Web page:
Department for Education
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New help for children who stammer
Secretary of State for Children, Schools and Families, Ed Balls, announced today that The Michael Palin Centre for Stammering Children will receive £340,000 to provide schools across the country with information, advice and training materials on how best to support children and young people who stammer.
The Michael Palin Centre, a world leader in this field, will develop a stammering information programme that will be rolled out to all schools by 2010. The Centre will work with young people, their families, local speech and language therapy services and school staff to develop the materials and training packages.
It is estimated that around 5% of children experience some difficulty with their fluency at some time during the development of their speech and language. Stammering has a major impact on children's academic and social lives - children with a stammer are more likely to become withdrawn or anxious and can become the focus of bullying. This funding will enable schools to better meet the needs of this vulnerable group of children and young people.
Ed Balls said:
"I saw on my visit to the Michael Palin Centre last year how, with patience and expertise, the therapists there help children and their families to overcome or alleviate stammers. The training and information that schools will receive as a result of this funding will mean they can better understand the condition and how best to support pupils who stammer.
"Our aim is to make this the best place in the world for our children to grow up, and for children and young people with stammers we can do that by providing the help and support they need to make the most of their talents."
Michael Palin said:
"I am delighted that the Department of Children, Schools and Families has recognised the importance and effectiveness of the work at the Michael Palin Centre for Stammering Children. Their support for the work, backed up by generous investment, is wonderfully encouraging news for those who stammer and those who seek to help them."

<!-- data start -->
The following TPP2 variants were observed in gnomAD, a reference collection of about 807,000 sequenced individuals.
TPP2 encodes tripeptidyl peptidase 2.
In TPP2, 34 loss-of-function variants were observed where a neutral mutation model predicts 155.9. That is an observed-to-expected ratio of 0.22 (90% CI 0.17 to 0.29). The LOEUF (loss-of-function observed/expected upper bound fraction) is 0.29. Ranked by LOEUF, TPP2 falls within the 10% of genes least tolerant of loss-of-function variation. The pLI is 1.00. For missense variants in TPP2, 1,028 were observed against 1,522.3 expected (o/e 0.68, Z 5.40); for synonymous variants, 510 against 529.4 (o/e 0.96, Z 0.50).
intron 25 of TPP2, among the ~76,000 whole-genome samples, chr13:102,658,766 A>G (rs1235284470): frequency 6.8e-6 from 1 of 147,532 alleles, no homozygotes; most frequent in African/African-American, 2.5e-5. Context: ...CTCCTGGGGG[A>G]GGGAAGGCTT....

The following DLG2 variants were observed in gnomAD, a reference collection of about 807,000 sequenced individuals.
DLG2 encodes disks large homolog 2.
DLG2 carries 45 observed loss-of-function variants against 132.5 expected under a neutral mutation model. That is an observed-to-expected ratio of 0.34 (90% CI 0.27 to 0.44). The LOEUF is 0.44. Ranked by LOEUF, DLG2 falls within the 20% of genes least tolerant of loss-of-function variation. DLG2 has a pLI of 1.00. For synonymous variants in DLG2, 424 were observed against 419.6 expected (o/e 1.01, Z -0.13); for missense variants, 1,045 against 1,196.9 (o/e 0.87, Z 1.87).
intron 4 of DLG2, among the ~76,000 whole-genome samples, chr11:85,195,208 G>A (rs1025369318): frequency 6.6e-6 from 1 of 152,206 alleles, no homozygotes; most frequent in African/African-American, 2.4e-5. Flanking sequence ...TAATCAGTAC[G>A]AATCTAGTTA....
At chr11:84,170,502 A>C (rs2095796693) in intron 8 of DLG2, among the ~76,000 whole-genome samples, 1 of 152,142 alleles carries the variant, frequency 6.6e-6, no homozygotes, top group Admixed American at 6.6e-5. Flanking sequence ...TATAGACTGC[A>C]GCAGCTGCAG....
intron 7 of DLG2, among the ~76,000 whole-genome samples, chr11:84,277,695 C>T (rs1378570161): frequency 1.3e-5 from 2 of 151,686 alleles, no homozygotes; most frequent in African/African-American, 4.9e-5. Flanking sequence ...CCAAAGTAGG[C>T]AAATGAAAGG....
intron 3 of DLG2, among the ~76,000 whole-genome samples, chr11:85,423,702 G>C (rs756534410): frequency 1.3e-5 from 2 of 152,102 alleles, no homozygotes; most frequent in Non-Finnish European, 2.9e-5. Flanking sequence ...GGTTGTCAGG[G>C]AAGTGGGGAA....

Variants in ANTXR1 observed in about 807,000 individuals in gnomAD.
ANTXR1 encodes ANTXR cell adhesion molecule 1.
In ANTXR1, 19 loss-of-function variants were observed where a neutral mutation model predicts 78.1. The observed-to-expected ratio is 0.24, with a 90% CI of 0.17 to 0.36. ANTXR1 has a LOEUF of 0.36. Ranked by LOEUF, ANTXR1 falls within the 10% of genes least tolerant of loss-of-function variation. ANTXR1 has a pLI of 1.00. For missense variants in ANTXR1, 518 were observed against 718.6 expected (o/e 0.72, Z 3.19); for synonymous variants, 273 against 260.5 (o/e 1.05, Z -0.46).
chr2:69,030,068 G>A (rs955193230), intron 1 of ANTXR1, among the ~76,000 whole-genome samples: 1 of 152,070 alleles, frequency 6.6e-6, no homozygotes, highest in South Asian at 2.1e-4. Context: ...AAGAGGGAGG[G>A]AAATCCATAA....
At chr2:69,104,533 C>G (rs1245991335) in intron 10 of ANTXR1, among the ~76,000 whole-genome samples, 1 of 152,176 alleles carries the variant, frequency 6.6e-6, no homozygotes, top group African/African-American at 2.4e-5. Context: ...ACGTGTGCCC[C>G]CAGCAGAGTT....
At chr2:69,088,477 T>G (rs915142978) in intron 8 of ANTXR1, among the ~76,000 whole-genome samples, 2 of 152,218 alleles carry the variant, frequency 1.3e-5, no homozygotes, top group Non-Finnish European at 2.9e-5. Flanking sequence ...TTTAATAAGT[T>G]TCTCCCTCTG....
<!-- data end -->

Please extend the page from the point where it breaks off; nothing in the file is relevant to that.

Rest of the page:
The Bercow Review, which the Government commissioned in September 2007, aims to improve services for children and young people from birth to 19 who have speech, language and communications difficulties, which could range from a delay in speaking to a severe stammer, or could be related to other disabilities such as autism or cerebral palsy. Over 2,000 people responded to the Review's consultation, with almost 1,000 responses from families.
The Government has also invested in measures to address children's speech, language and communication needs, for example through the Children's Centres programme, and numbers of speech and language therapists have increased by over a third between 1997 and 2006.
NOTES TO EDITORS
1. The Michael Palin Centre will use a two stage programme to provide schools across the country with information, advice and training materials on how best to support children and young people who stammer:
* Foundation Level - where participants would gain basic information to recognise stammering and straightforward strategies to help children and young people communicate more effectively in their educational environment.
* Specialist Level - where participants would gain detailed information about the nature of stammering, its social and educational impact and practical guidance on appraising its severity and the reasonable adjustments that could support a child or young person with a stammer.
2. The training materials will be developed and piloted between 2008 and 2010, with all schools hoping to receive material and information by the end of 2010. The resources will also be available online.
0870 000 2288
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